Under Zitouni's leadership the GIA experienced a total deviation that overstepped all boundaries in 1997 when his assistant and close ally Antar Zouabri took over as the new Emir. Zouabri considered the Algerian people as apostates and allowed genocide against them.
All these developments took place while Layada was in Serkadji prison (where he survived a horrendous massacre in 1995 that claimed the lives of about 100 prisoners when security forces attempted to crush a prisoners' rebellion). But Layada, who sometimes seems proud of GIA even during his absence in prison, quickly condemned its deviation, though he himself was surprised how it happened.
He is proud that the group was a large military force that managed to stand in the face of the security forces for long periods in the 1990s. "All generals of Algeria were not able to enter Talaacheh in that period. The Green Battalion (the strike force in GIA formed by Djamel Zitouni) under the command of Antar Zouabri (former commander of the Battalion and GIA's leader since 1997) had a law providing that lying on the ground is against Islamic Sharia even under aerial bombardment. Running away during confrontations was also impermissible. If you escape you will be killed. The Green Battalion in the mountain was fired on and was responding with fire. Whenever they (army personnel) advance on Talaacheh dozens of them get killed and the GIA takes their weapons while the army withdraws", Layada said of GIA's stronghold in Talaacheh (Blida province south of the capital).
However, this boastfulness of the GIA's 'acts of heroism' quickly disappears when the issue of massacres attributed to GIA under Zouabri's leadership is raised. Layada, who knows Antar from his brother Ali, a co-founder of GIA, seems puzzled today how Antar changed from an ordinary soldier that blushes if you speak to him to a 'bloody emir' that has no scruples about spilling the blood of millions of Algerians on the basis that they became 'renegades' because they did not join the group.
"I swear by Allah that Antar went up the mountain while holding the Qur'an in his hand. It is not true that he went up the mountain with a bottle of wine in his hand. There were exchanged killings between Antar group and Mustapha Kartali group (there is enmity and rift between the two groups. Kartali's claim that Antar was drinking wine while he was climbing up the mountain comes in the framework of differences between them). But, I swear by Allah Almighty, his face goes red with shyness. When I heard what he has done (massacres) I did not believe. I was never convinced of what happened", he said.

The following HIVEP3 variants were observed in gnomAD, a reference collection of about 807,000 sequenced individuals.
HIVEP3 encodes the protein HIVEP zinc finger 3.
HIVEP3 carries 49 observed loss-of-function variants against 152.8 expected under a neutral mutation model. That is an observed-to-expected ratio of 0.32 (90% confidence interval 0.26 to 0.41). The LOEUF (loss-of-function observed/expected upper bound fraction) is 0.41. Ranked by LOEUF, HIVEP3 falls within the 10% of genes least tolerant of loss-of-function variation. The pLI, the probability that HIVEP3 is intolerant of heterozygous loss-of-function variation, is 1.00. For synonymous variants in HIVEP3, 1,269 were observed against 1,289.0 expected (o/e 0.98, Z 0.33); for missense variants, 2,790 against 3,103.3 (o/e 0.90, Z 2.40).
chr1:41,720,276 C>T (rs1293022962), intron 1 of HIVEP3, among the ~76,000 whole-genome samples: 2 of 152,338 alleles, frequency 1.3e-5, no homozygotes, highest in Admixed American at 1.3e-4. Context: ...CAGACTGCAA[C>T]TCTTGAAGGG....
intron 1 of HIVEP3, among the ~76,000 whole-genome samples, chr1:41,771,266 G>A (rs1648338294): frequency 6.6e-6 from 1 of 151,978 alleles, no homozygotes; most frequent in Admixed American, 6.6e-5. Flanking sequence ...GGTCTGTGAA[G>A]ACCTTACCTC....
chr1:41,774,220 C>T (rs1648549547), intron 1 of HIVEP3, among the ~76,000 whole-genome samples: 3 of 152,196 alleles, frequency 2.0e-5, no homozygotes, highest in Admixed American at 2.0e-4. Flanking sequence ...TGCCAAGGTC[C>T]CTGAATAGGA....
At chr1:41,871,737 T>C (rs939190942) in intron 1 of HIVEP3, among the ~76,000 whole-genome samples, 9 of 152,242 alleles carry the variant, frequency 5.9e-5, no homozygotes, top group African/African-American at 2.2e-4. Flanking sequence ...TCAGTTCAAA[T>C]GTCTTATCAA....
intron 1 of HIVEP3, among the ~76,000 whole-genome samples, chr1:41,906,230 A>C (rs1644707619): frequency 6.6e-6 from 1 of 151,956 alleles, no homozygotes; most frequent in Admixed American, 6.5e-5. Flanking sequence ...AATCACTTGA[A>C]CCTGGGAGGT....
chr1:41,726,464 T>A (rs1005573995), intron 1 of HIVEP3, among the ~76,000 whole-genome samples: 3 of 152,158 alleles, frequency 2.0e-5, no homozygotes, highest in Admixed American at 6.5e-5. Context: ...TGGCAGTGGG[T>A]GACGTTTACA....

Apparently there is some confusion about Antar's drinking wine before going up the mountain. Layada has the right to defend him by saying that he went up the mountain "holding the Qur'an in his hand, not a bottle of wine", but apparently he who talked about Antar's relation with wine was talking about his past before joining GIA.
Antar was brought up in the extremely impoverished alley of Karou in Boufarik (in the province of Blida, south of the Algerian capital). It is no secret today that he and his brothers formed a gang of villainous thieves. But what happened was that the brother was arrested and imprisoned in 1989 - 1990 and he became an Islamist when he came out of prison. He persuaded his brothers to abide by Islamic obligations.
One of Antar's old friends told al-Hayat that Antar told him that he and his brothers' becoming religious did not appeal to even some of their family members, who had once visited them and found that Antar and his brothers had shortened the table's legs to the ground and they were eating while sitting on the floor instead of chairs (some Salafists justify this as being a Sunni tradition).
Until today there are still 'shades of grey' about how Antar changed from a shy young man at the beginning of military action to such a 'bloody' man capable of regarding the whole Algerian people as renegades, although it is clear that what happened to his family undoubtedly was a motive for what he did.
It has been said that non-Islamist extremists savagely mutilated the bodies of some of his family members. Security forces killed Antar in 2002 and released his first and second wives, although he had only one girl from one of them.
He was yearning for a boy, as his former friend said. In the end, he is known in the mountain by 'Abi Talha'.